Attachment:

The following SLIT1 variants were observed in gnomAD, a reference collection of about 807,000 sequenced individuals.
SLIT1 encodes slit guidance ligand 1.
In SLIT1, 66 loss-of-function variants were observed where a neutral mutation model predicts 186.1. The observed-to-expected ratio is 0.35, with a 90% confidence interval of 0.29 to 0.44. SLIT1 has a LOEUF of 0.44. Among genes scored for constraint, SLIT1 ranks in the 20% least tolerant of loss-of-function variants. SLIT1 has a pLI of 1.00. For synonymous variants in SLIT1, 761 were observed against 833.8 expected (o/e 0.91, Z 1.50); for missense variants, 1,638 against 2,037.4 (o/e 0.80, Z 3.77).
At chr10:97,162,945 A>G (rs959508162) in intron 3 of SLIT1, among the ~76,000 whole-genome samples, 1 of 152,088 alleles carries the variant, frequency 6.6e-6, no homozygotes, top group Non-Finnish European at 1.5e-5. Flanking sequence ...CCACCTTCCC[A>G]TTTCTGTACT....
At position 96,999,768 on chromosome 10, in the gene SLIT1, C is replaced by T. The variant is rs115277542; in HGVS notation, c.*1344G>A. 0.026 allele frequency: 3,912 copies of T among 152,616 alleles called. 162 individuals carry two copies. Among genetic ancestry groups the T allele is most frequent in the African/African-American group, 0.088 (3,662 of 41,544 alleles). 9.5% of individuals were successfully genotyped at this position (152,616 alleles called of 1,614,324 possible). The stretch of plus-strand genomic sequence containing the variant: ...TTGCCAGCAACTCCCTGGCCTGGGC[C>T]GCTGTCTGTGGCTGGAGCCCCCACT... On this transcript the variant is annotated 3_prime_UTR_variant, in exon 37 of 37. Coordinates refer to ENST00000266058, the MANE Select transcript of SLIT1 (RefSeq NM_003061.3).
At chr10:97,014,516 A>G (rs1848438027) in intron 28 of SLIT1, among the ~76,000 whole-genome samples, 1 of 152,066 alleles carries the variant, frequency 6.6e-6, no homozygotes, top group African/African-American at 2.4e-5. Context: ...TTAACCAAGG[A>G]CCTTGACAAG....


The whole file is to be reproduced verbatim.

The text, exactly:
The following SLIT1 variants were observed in gnomAD, a reference collection of about 807,000 sequenced individuals.
SLIT1 encodes slit guidance ligand 1.
In SLIT1, 66 loss-of-function variants were observed where a neutral mutation model predicts 186.1. The observed-to-expected ratio is 0.35, with a 90% confidence interval of 0.29 to 0.44. SLIT1 has a LOEUF of 0.44. Among genes scored for constraint, SLIT1 ranks in the 20% least tolerant of loss-of-function variants. SLIT1 has a pLI of 1.00. For synonymous variants in SLIT1, 761 were observed against 833.8 expected (o/e 0.91, Z 1.50); for missense variants, 1,638 against 2,037.4 (o/e 0.80, Z 3.77).
At chr10:97,162,945 A>G (rs959508162) in intron 3 of SLIT1, among the ~76,000 whole-genome samples, 1 of 152,088 alleles carries the variant, frequency 6.6e-6, no homozygotes, top group Non-Finnish European at 1.5e-5. Flanking sequence ...CCACCTTCCC[A>G]TTTCTGTACT....
At position 96,999,768 on chromosome 10, in the gene SLIT1, C is replaced by T. The variant is rs115277542; in HGVS notation, c.*1344G>A. 0.026 allele frequency: 3,912 copies of T among 152,616 alleles called. 162 individuals carry two copies. Among genetic ancestry groups the T allele is most frequent in the African/African-American group, 0.088 (3,662 of 41,544 alleles). 9.5% of individuals were successfully genotyped at this position (152,616 alleles called of 1,614,324 possible). The stretch of plus-strand genomic sequence containing the variant: ...TTGCCAGCAACTCCCTGGCCTGGGC[C>T]GCTGTCTGTGGCTGGAGCCCCCACT... On this transcript the variant is annotated 3_prime_UTR_variant, in exon 37 of 37. Coordinates refer to ENST00000266058, the MANE Select transcript of SLIT1 (RefSeq NM_003061.3).
At chr10:97,014,516 A>G (rs1848438027) in intron 28 of SLIT1, among the ~76,000 whole-genome samples, 1 of 152,066 alleles carries the variant, frequency 6.6e-6, no homozygotes, top group African/African-American at 2.4e-5. Context: ...TTAACCAAGG[A>G]CCTTGACAAG....